WELSH MONUMENTS.* The cataloguing of our ancient monuments, in the
widest sense, is making progress in Wales, as in England and in Scotland. The Welsh Commission, headed by Sir E. Vincent Evans, has just issued its sixth folio volume, devoted to the antiquities of Merioneth. This fine volume, edited with scholarly care by Mr. Edward Owen and illustrated with drawings and photo.
graphs by Mr. Ivor Mervyn Pritchard, and with maps, exem- plifies the value and interest of the work. Here, under each parish, one finds exact and concise descriptions of the remains of the past, duly classified, with references to the Ordnance Survey, and often illustrated. Thus under Penrhyndeudraeth there are six entries : (1) Cairns—a ruined cairn ; (2) eccle- siastical structures—the church, merely mentioned because it is modern ; (3) roads—an ancient trackway ; (4) historic sites—a monolith in the wall of a meadow ; and (5) a rocky cavity on a hillock called " Castell Owen Goch," and tradition- ally, but quite wrongly, associated with the prison in which Owain Gruffydd was confined by his brother Llewelyn ; (6) finds—a bronze axe-head, now in the British Museum, which is said to have been found in the parish. Penrhyndeudraeth is poor in antiquarian interest compared to most of the parishes in Merioneth, and thus occupies only a page. Towyn, on the other hand, requires twelve pages. There are in Towyn stone circles, cairns, and tumuli, an attractive Jacobean country house, and an imposing eighteenth-century mansion, a church with a tine Norman nave, and two early sculptured effigies, and, pre- served in the church, an inscribed stone which is the most ancient monument 'of the Welsh language. Sir John Morris-Jones discusses the Towyn atone afresh in a lengthy note, with photo- graphs, and concludes that it may be dated about 660,; he cannot interpret the whole of the inscription, but the opening words, he thinks, show that the ancient British tongue had dropped its inflexions and become Welsh when the stone was cut. Maentwrog, again, is noted for its Roman fort of Tomen-y-Mur, with a mediaeval castle-mound in the middle of it, thrown up probably by William Rufus in 1095 or 1097. The fort is illus- trated, and the legionary inscriptions found there are given in lull. Under Llanaber, which is rich in antiquities, we fmd letailed notes of the cairns, stone circles, and camps ; of Egyrn Abbey, which contains part of a fourteenth-century hospital ; and of the church, Late Norman and Early English, which excited the " somewhat extravagant eulogy " of E. A. Freeman, Within this parish, too, were discovered in 1890 " two most perfect examples of early thirteenth-century church plate," a silver-gilt chalice and paten, which are now in the National Museum of Wales ; the plate is fully described and illustrated. Harlech Castle, in Liandanwg parish, is very briefly mentioned, witha plan and a photograph, because it is well known. But the editor has been at great pains to give particulars and illustrations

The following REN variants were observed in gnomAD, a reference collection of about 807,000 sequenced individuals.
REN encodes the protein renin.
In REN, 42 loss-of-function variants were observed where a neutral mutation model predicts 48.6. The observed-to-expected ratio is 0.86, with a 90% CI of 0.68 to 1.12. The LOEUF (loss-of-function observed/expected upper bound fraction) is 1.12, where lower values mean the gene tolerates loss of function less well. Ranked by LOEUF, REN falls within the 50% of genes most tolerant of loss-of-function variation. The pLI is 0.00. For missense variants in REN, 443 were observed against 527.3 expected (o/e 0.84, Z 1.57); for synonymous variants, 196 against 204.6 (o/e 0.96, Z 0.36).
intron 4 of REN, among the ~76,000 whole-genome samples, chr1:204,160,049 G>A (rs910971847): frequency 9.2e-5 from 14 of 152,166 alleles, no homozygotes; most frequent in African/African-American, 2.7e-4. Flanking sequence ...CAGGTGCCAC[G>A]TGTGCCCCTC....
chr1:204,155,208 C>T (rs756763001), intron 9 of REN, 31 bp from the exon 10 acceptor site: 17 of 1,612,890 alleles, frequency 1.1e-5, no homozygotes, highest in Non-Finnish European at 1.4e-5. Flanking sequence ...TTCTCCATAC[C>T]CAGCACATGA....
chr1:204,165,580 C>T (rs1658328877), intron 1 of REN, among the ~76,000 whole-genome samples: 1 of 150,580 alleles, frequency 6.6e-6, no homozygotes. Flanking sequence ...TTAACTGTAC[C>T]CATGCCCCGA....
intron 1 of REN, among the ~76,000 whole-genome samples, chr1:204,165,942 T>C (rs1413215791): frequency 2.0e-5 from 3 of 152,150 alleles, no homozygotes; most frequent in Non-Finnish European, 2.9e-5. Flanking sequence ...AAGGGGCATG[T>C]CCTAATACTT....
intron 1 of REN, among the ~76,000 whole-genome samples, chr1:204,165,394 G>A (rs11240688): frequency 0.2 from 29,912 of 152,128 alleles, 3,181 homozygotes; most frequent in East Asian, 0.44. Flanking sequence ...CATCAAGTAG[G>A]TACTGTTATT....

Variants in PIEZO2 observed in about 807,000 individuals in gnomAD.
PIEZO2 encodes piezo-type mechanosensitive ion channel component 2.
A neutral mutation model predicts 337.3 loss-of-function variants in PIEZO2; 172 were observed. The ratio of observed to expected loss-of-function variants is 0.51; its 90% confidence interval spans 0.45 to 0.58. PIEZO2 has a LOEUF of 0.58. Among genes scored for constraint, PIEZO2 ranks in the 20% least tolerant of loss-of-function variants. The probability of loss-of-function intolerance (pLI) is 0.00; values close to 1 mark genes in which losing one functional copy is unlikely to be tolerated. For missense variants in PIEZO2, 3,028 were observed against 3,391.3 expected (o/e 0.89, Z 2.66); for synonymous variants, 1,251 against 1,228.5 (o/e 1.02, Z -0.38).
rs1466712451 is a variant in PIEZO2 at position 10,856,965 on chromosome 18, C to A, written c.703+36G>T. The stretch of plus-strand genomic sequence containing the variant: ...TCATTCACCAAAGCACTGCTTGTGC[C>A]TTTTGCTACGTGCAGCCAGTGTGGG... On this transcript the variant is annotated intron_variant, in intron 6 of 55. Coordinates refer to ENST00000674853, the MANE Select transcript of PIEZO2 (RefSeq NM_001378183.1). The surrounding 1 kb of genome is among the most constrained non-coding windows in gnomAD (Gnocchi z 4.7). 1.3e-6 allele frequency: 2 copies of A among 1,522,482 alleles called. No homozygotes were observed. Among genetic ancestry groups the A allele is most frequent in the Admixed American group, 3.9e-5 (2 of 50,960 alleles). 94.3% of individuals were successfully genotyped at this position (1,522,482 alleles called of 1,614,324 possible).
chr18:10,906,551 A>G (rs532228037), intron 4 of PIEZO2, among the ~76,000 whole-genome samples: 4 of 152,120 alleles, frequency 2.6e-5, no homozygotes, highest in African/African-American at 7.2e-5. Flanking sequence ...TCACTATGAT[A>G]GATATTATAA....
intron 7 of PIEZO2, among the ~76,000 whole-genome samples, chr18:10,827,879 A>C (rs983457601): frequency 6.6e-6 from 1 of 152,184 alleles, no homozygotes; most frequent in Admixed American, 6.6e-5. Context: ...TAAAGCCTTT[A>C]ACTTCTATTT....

• An Inventory of the Ancient Monuments in Wales and Monmouthshire. VI Comity of Merioneth. Stationers Office. [25s. net.]
of anything that is interesting and unfamiliar, including details of architecture, roofs, fonts, carved pews, plaster ceilings, and the like. An introductory essay directs attention to the main conclusions which may be drawn from the inventory for each period from the Bronze Age onwards. The value of the comparative method is shown, for instance, in the case of the Mercian cross-shaft in the churchyard at Corwen, which is com- pared with the Gosforth cross and other examples of the same type. When this inventory is completed for Gif.at Britain, archaeologists will no longer be working in the dark, but will be able to group widely scattered monuments and draw valid conclusions from them. The Welsh Commission deserves high praise for its patient scholarship. The report will, we are sure, give a fresh stimulus to the study of Welsh antiquities which is now receiving attention, as it should, in the Welsh schools.